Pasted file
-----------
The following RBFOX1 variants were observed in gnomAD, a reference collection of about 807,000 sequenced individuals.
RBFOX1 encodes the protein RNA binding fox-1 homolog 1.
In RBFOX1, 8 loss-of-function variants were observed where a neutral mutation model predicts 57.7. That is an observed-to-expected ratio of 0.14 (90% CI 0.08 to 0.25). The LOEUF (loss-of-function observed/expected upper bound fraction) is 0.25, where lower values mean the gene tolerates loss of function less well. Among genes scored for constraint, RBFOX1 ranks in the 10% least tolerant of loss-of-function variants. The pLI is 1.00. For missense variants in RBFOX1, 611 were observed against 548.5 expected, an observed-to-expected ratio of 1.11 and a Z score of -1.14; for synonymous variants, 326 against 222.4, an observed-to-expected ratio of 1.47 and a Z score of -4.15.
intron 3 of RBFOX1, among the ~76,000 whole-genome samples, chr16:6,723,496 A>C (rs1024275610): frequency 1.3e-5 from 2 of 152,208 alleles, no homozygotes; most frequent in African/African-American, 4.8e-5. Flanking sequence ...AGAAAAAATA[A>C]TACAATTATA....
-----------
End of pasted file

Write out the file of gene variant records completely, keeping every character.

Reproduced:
The following RBFOX1 variants were observed in gnomAD, a reference collection of about 807,000 sequenced individuals.
RBFOX1 encodes the protein RNA binding fox-1 homolog 1.
In RBFOX1, 8 loss-of-function variants were observed where a neutral mutation model predicts 57.7. That is an observed-to-expected ratio of 0.14 (90% CI 0.08 to 0.25). The LOEUF (loss-of-function observed/expected upper bound fraction) is 0.25, where lower values mean the gene tolerates loss of function less well. Among genes scored for constraint, RBFOX1 ranks in the 10% least tolerant of loss-of-function variants. The pLI is 1.00. For missense variants in RBFOX1, 611 were observed against 548.5 expected, an observed-to-expected ratio of 1.11 and a Z score of -1.14; for synonymous variants, 326 against 222.4, an observed-to-expected ratio of 1.47 and a Z score of -4.15.
intron 3 of RBFOX1, among the ~76,000 whole-genome samples, chr16:6,723,496 A>C (rs1024275610): frequency 1.3e-5 from 2 of 152,208 alleles, no homozygotes; most frequent in African/African-American, 4.8e-5. Flanking sequence ...AGAAAAAATA[A>C]TACAATTATA....